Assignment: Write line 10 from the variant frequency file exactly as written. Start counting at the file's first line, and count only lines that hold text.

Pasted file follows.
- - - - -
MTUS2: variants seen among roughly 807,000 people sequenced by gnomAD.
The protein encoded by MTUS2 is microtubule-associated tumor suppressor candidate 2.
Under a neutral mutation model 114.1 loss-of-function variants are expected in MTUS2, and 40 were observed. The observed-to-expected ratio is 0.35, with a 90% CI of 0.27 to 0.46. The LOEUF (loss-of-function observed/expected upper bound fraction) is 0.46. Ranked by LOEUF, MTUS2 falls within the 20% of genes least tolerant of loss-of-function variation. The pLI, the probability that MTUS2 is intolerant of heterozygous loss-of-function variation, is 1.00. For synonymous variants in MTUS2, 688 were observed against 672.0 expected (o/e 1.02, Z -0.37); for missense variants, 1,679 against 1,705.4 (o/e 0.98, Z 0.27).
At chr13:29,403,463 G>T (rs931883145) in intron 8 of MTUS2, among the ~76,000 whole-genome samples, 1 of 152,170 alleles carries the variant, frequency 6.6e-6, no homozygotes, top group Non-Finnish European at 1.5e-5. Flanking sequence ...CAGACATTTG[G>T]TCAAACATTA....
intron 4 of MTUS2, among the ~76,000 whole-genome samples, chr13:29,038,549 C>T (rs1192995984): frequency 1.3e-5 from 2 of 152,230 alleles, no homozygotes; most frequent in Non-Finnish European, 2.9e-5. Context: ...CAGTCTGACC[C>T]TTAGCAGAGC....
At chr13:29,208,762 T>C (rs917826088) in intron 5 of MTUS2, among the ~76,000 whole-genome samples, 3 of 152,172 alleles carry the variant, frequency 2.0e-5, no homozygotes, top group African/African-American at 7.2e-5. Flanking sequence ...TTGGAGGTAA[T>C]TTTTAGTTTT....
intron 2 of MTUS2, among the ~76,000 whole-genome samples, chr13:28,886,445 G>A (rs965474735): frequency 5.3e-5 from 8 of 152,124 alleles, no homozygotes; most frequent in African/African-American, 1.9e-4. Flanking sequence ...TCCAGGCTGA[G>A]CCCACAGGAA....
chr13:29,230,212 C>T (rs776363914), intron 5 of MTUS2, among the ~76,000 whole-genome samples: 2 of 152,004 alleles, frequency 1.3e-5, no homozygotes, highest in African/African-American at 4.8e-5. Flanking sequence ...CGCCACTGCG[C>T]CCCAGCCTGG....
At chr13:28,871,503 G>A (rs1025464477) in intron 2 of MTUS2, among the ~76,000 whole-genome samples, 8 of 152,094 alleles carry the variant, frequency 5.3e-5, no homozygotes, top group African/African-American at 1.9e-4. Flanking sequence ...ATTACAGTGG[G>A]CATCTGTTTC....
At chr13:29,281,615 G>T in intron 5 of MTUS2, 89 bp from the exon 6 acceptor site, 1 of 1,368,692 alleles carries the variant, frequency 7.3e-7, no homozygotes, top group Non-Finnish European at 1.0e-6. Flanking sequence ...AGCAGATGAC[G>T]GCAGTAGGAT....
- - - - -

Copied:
At chr13:29,281,615 G>T in intron 5 of MTUS2, 89 bp from the exon 6 acceptor site, 1 of 1,368,692 alleles carries the variant, frequency 7.3e-7, no homozygotes, top group Non-Finnish European at 1.0e-6. Flanking sequence ...AGCAGATGAC[G>T]GCAGTAGGAT....